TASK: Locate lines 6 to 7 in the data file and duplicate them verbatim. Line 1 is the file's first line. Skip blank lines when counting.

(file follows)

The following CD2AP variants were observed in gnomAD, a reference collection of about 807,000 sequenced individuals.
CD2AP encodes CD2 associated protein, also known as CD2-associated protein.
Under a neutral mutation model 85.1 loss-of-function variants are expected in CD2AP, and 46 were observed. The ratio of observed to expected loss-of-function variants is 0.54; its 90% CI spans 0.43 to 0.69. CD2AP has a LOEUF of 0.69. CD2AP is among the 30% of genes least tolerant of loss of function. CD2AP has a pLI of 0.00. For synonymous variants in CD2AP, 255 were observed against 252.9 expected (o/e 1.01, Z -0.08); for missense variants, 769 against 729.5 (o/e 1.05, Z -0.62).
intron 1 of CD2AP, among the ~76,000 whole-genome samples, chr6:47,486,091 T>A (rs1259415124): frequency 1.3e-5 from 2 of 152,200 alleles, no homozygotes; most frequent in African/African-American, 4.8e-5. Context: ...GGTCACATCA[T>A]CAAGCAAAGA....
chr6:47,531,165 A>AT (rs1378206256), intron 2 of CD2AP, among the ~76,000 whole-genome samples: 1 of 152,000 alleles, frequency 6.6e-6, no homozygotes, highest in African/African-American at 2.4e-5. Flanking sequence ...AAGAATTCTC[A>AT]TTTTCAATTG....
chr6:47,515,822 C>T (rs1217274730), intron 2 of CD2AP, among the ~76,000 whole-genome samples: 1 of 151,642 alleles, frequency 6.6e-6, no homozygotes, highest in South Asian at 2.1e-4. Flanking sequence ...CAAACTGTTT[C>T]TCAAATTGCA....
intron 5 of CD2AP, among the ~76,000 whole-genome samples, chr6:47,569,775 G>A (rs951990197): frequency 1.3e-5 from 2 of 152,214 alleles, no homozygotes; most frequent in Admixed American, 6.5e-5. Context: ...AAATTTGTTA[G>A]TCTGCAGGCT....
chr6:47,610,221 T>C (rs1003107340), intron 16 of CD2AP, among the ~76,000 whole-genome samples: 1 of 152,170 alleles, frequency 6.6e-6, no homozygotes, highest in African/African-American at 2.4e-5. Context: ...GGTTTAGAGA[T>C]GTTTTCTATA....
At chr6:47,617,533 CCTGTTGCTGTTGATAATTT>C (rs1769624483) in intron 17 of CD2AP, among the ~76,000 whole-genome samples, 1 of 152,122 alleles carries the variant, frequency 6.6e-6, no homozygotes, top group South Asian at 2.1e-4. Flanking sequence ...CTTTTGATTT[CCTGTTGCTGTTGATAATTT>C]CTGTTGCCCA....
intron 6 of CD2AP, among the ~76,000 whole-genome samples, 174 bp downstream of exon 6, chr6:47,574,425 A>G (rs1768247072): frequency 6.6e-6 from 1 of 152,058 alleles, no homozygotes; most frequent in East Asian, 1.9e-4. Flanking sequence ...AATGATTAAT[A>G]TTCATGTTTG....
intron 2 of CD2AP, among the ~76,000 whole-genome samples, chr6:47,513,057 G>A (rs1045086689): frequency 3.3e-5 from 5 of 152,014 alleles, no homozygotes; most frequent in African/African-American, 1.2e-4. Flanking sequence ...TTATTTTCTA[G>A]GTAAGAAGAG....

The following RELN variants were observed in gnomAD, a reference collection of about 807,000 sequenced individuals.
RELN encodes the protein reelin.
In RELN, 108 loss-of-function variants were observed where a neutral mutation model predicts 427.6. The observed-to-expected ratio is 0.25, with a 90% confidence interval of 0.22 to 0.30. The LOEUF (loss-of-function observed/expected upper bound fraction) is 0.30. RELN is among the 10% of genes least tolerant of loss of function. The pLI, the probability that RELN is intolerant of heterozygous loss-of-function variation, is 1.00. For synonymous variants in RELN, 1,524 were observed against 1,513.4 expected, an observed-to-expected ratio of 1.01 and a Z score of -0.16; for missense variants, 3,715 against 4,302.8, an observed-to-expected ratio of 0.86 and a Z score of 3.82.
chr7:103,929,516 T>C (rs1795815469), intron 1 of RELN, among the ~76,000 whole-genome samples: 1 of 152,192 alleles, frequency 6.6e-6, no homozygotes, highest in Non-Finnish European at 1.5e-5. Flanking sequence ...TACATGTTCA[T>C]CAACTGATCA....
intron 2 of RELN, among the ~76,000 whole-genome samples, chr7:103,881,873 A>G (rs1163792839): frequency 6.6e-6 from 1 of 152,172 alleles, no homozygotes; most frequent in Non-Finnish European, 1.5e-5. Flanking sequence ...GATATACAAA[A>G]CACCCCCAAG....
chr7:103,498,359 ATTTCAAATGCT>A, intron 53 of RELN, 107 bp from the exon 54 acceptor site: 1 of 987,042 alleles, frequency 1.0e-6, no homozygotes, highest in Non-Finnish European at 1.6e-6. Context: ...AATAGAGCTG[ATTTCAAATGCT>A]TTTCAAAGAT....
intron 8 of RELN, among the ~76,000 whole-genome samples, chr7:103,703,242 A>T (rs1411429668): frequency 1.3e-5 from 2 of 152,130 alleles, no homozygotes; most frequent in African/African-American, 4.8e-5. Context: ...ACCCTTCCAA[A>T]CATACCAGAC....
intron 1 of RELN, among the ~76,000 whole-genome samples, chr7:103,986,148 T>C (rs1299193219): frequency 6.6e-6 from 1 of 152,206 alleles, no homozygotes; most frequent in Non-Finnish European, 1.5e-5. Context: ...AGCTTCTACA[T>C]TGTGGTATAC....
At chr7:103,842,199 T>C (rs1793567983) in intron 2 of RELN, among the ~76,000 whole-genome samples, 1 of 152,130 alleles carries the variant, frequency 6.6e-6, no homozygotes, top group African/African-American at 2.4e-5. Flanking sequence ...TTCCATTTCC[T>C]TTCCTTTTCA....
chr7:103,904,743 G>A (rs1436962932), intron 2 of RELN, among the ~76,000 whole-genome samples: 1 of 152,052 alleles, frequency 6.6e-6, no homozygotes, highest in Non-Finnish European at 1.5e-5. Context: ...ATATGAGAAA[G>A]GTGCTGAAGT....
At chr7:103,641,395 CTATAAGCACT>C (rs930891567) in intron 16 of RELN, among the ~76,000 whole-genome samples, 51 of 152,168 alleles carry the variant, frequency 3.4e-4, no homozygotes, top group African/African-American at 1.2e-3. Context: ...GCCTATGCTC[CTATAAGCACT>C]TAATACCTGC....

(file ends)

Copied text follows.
chr6:47,515,822 C>T (rs1217274730), intron 2 of CD2AP, among the ~76,000 whole-genome samples: 1 of 151,642 alleles, frequency 6.6e-6, no homozygotes, highest in South Asian at 2.1e-4. Flanking sequence ...CAAACTGTTT[C>T]TCAAATTGCA....
intron 5 of CD2AP, among the ~76,000 whole-genome samples, chr6:47,569,775 G>A (rs951990197): frequency 1.3e-5 from 2 of 152,214 alleles, no homozygotes; most frequent in Admixed American, 6.5e-5. Context: ...AAATTTGTTA[G>A]TCTGCAGGCT....